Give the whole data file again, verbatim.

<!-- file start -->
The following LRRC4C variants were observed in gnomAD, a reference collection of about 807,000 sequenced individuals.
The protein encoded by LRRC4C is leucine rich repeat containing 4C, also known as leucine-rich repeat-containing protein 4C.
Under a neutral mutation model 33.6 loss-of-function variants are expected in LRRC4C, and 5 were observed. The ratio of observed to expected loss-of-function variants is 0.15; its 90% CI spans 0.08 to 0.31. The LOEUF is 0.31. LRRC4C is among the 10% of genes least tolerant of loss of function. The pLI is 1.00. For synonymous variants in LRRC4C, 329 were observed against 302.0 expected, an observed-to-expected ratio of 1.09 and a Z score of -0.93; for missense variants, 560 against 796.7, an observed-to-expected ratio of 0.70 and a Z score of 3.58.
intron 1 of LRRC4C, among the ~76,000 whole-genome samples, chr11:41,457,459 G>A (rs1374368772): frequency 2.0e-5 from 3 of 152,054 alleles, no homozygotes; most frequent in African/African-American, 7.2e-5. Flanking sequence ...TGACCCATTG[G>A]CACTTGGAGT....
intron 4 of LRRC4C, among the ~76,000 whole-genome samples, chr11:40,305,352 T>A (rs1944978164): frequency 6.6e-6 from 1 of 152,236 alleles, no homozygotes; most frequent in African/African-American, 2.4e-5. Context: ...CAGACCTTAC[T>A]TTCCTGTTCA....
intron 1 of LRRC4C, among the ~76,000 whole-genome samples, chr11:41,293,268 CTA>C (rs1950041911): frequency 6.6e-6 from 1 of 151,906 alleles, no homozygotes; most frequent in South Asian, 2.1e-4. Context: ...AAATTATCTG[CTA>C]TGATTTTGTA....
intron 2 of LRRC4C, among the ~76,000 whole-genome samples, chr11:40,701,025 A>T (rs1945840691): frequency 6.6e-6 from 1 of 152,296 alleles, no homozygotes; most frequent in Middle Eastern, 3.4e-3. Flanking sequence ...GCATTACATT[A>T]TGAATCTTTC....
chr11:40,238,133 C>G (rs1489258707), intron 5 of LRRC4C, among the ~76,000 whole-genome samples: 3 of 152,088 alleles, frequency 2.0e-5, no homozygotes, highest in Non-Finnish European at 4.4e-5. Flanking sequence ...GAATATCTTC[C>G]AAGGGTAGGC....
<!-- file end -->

The following LRRC4C variants were observed in gnomAD, a reference collection of about 807,000 sequenced individuals.
The protein encoded by LRRC4C is leucine rich repeat containing 4C, also known as leucine-rich repeat-containing protein 4C.
Under a neutral mutation model 33.6 loss-of-function variants are expected in LRRC4C, and 5 were observed. The ratio of observed to expected loss-of-function variants is 0.15; its 90% CI spans 0.08 to 0.31. The LOEUF is 0.31. LRRC4C is among the 10% of genes least tolerant of loss of function. The pLI is 1.00. For synonymous variants in LRRC4C, 329 were observed against 302.0 expected, an observed-to-expected ratio of 1.09 and a Z score of -0.93; for missense variants, 560 against 796.7, an observed-to-expected ratio of 0.70 and a Z score of 3.58.
intron 1 of LRRC4C, among the ~76,000 whole-genome samples, chr11:41,457,459 G>A (rs1374368772): frequency 2.0e-5 from 3 of 152,054 alleles, no homozygotes; most frequent in African/African-American, 7.2e-5. Flanking sequence ...TGACCCATTG[G>A]CACTTGGAGT....
intron 4 of LRRC4C, among the ~76,000 whole-genome samples, chr11:40,305,352 T>A (rs1944978164): frequency 6.6e-6 from 1 of 152,236 alleles, no homozygotes; most frequent in African/African-American, 2.4e-5. Context: ...CAGACCTTAC[T>A]TTCCTGTTCA....
intron 1 of LRRC4C, among the ~76,000 whole-genome samples, chr11:41,293,268 CTA>C (rs1950041911): frequency 6.6e-6 from 1 of 151,906 alleles, no homozygotes; most frequent in South Asian, 2.1e-4. Context: ...AAATTATCTG[CTA>C]TGATTTTGTA....
intron 2 of LRRC4C, among the ~76,000 whole-genome samples, chr11:40,701,025 A>T (rs1945840691): frequency 6.6e-6 from 1 of 152,296 alleles, no homozygotes; most frequent in Middle Eastern, 3.4e-3. Flanking sequence ...GCATTACATT[A>T]TGAATCTTTC....
chr11:40,238,133 C>G (rs1489258707), intron 5 of LRRC4C, among the ~76,000 whole-genome samples: 3 of 152,088 alleles, frequency 2.0e-5, no homozygotes, highest in Non-Finnish European at 4.4e-5. Flanking sequence ...GAATATCTTC[C>G]AAGGGTAGGC....